Zimbabwe's central bank on Tuesday announced the introduction of a new 50-dollar note, the country's highest denomination, worth only around US$0.60.
Insufficient to pay even for a loaf of bread, the bill's entry into circulation has revived memories of the hyperinflation the southern African nation experienced over a decade ago.
As price growth spiralled out of control, denominations at the time mounted as high as a 100-trillion-dollar note.
Award-winning journalist and government critic Hopewell Chin'ono scoffed at the new banknote, which at the unofficial black market exchange rate will be worth just $0.35 in US dollars.
"It tells you something about inflation in your country if you need 3 notes of your highest currency denomination to buy a premium beer in a supermarket," tweeted Chin'ono.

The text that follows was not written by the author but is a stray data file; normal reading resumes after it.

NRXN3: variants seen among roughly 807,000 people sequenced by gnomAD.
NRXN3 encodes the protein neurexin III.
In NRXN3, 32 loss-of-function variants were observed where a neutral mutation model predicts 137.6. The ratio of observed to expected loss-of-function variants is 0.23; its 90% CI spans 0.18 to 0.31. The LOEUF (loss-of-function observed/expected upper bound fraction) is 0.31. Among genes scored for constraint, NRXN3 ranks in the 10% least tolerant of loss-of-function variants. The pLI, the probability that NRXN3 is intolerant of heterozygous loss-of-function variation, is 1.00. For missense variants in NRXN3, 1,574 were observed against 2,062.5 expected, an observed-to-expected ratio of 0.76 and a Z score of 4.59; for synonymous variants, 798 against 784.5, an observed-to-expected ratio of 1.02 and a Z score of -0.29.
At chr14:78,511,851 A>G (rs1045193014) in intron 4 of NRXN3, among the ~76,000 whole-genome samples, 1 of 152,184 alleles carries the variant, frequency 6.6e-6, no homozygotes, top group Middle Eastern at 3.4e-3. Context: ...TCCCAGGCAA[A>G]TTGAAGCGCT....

The new note is the latest and most valuable in a series introduced from February 2019 as Zimbabwe moved back to using local currency.
US dollars had been used since 2009, when the country trashed its own worthless units after hyperinflation reached 500 billion percent.
Now the new denomination is stoking fears of a return of the kind of hyperinflation that wiped out savings and collapsed the economy, with head-spinning daily leaps in the prices of goods and services.
Last year Zimbabwe's inflation rate soared to more than 800 percent, but it has begun easing with the June year-on-year rate officially at 106.64 percent, according to the National Statistical Agency.
The central bank had forecast inflation to slow to 55 percent in July.
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